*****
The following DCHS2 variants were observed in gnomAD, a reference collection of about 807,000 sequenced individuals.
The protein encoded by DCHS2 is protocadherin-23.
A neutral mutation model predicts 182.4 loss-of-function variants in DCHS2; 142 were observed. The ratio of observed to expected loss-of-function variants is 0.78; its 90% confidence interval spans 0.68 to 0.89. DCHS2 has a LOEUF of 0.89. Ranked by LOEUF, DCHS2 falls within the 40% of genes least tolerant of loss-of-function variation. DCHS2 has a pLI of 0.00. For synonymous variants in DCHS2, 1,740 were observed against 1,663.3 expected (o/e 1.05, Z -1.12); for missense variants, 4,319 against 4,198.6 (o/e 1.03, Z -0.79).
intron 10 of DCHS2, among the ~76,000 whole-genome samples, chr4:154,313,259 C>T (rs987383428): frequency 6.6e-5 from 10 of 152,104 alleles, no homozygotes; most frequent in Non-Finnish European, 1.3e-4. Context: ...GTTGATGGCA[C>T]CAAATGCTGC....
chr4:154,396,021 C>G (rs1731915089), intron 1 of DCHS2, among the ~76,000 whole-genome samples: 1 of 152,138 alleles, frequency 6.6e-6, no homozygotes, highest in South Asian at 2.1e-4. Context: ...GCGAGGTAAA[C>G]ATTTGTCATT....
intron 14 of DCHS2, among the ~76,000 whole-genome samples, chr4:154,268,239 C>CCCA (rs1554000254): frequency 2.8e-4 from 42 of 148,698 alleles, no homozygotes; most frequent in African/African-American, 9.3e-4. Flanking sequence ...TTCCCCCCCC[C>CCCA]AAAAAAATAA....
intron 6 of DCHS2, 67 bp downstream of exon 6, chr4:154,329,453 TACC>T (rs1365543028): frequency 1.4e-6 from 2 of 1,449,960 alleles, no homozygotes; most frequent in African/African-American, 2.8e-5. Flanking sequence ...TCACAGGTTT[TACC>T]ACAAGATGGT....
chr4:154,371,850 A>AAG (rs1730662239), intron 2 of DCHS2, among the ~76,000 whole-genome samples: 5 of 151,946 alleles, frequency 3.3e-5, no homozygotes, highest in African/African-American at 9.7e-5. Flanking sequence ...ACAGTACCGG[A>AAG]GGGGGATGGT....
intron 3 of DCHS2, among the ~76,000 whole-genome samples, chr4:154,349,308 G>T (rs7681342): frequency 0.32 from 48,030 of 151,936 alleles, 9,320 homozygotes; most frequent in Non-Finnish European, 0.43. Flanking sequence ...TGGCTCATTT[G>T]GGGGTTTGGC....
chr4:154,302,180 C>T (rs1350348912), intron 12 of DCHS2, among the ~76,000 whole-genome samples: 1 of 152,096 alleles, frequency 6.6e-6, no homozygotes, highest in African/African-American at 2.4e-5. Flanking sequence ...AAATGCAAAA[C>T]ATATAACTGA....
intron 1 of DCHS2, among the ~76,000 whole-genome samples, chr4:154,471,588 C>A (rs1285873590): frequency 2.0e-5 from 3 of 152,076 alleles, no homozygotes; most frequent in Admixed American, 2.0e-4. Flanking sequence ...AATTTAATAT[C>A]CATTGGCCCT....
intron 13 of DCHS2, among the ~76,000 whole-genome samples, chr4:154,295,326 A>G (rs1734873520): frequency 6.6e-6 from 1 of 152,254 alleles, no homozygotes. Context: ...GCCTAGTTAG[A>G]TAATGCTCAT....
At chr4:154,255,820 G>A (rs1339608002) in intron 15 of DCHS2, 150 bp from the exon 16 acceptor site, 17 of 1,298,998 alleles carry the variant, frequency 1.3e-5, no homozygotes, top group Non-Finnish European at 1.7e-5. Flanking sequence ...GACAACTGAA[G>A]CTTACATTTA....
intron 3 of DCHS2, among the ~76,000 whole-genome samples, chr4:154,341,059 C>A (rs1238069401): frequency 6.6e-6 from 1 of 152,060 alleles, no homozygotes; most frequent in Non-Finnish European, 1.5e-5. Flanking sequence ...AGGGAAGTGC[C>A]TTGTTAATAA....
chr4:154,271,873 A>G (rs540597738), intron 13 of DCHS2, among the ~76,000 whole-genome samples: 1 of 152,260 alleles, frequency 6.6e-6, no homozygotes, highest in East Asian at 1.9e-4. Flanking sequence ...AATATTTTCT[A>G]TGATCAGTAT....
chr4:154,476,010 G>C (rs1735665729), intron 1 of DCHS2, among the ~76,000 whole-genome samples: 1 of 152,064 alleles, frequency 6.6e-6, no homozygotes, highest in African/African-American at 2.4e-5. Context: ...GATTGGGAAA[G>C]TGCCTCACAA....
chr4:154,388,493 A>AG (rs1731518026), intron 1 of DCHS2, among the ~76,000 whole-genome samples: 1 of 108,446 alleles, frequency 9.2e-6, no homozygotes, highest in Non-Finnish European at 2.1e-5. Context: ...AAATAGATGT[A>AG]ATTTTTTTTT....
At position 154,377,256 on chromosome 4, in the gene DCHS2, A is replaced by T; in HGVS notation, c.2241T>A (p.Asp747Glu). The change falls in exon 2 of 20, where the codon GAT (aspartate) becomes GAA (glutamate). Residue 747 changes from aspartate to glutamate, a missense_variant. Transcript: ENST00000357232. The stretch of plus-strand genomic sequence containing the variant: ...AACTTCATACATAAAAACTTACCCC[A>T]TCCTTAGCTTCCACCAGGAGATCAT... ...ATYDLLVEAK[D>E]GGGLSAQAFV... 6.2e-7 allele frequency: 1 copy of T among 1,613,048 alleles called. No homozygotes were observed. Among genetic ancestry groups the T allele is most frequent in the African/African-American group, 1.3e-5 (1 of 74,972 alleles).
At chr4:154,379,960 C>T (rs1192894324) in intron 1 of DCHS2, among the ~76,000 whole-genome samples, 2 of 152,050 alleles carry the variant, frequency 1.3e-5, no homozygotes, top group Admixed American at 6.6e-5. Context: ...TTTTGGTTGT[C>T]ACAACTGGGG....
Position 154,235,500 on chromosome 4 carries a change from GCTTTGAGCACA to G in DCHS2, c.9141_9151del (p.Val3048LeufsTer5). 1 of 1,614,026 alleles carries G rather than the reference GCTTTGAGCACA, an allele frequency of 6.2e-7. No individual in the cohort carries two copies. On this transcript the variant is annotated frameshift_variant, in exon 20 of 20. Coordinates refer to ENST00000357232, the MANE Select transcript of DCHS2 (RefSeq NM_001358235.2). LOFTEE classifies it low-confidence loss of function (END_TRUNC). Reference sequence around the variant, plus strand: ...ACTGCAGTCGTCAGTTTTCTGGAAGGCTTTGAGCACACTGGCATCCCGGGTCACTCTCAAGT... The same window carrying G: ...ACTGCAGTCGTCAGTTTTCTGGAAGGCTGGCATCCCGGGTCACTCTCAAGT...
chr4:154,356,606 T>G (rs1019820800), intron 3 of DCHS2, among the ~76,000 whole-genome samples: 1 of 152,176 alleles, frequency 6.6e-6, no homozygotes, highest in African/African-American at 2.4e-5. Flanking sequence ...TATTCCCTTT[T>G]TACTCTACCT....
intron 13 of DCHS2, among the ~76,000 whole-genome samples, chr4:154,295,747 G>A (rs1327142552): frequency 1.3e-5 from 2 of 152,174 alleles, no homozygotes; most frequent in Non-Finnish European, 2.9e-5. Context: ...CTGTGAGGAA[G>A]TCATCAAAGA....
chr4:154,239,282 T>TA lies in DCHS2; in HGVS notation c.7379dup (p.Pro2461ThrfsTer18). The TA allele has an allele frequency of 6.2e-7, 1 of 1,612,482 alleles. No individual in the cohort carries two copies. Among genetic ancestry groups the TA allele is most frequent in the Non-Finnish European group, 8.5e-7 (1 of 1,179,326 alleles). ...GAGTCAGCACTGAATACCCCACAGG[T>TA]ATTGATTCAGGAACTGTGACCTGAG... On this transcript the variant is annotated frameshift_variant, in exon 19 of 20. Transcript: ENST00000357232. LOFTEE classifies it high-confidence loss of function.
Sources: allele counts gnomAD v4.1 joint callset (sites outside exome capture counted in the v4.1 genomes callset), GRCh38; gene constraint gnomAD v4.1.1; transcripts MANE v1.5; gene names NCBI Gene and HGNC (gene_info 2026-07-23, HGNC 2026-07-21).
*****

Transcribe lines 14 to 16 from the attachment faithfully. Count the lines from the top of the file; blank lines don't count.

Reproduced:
intron 3 of DCHS2, among the ~76,000 whole-genome samples, chr4:154,341,059 C>A (rs1238069401): frequency 6.6e-6 from 1 of 152,060 alleles, no homozygotes; most frequent in Non-Finnish European, 1.5e-5. Flanking sequence ...AGGGAAGTGC[C>A]TTGTTAATAA....
chr4:154,271,873 A>G (rs540597738), intron 13 of DCHS2, among the ~76,000 whole-genome samples: 1 of 152,260 alleles, frequency 6.6e-6, no homozygotes, highest in East Asian at 1.9e-4. Flanking sequence ...AATATTTTCT[A>G]TGATCAGTAT....
chr4:154,476,010 G>C (rs1735665729), intron 1 of DCHS2, among the ~76,000 whole-genome samples: 1 of 152,064 alleles, frequency 6.6e-6, no homozygotes, highest in African/African-American at 2.4e-5. Context: ...GATTGGGAAA[G>C]TGCCTCACAA....